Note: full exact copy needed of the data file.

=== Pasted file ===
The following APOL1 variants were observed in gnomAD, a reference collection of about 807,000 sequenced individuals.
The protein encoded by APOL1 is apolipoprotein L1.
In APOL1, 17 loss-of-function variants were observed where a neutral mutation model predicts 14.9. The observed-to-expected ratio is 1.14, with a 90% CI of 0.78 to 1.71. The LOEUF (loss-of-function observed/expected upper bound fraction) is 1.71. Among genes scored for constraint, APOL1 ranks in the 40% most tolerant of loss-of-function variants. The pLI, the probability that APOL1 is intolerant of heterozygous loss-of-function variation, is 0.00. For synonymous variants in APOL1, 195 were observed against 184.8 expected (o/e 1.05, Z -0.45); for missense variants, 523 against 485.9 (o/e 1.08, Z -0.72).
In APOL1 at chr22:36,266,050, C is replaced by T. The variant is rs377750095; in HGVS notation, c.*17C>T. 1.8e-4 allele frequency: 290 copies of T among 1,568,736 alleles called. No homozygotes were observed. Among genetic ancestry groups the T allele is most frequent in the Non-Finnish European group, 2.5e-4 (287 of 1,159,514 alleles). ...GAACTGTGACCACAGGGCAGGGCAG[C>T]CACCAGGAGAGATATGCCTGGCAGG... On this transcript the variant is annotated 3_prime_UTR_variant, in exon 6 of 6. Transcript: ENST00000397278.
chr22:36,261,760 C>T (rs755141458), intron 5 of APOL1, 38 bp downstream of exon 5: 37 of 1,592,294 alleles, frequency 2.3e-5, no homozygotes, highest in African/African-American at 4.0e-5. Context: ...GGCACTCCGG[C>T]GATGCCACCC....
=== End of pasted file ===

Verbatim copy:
The following APOL1 variants were observed in gnomAD, a reference collection of about 807,000 sequenced individuals.
The protein encoded by APOL1 is apolipoprotein L1.
In APOL1, 17 loss-of-function variants were observed where a neutral mutation model predicts 14.9. The observed-to-expected ratio is 1.14, with a 90% CI of 0.78 to 1.71. The LOEUF (loss-of-function observed/expected upper bound fraction) is 1.71. Among genes scored for constraint, APOL1 ranks in the 40% most tolerant of loss-of-function variants. The pLI, the probability that APOL1 is intolerant of heterozygous loss-of-function variation, is 0.00. For synonymous variants in APOL1, 195 were observed against 184.8 expected (o/e 1.05, Z -0.45); for missense variants, 523 against 485.9 (o/e 1.08, Z -0.72).
In APOL1 at chr22:36,266,050, C is replaced by T. The variant is rs377750095; in HGVS notation, c.*17C>T. 1.8e-4 allele frequency: 290 copies of T among 1,568,736 alleles called. No homozygotes were observed. Among genetic ancestry groups the T allele is most frequent in the Non-Finnish European group, 2.5e-4 (287 of 1,159,514 alleles). ...GAACTGTGACCACAGGGCAGGGCAG[C>T]CACCAGGAGAGATATGCCTGGCAGG... On this transcript the variant is annotated 3_prime_UTR_variant, in exon 6 of 6. Transcript: ENST00000397278.
chr22:36,261,760 C>T (rs755141458), intron 5 of APOL1, 38 bp downstream of exon 5: 37 of 1,592,294 alleles, frequency 2.3e-5, no homozygotes, highest in African/African-American at 4.0e-5. Context: ...GGCACTCCGG[C>T]GATGCCACCC....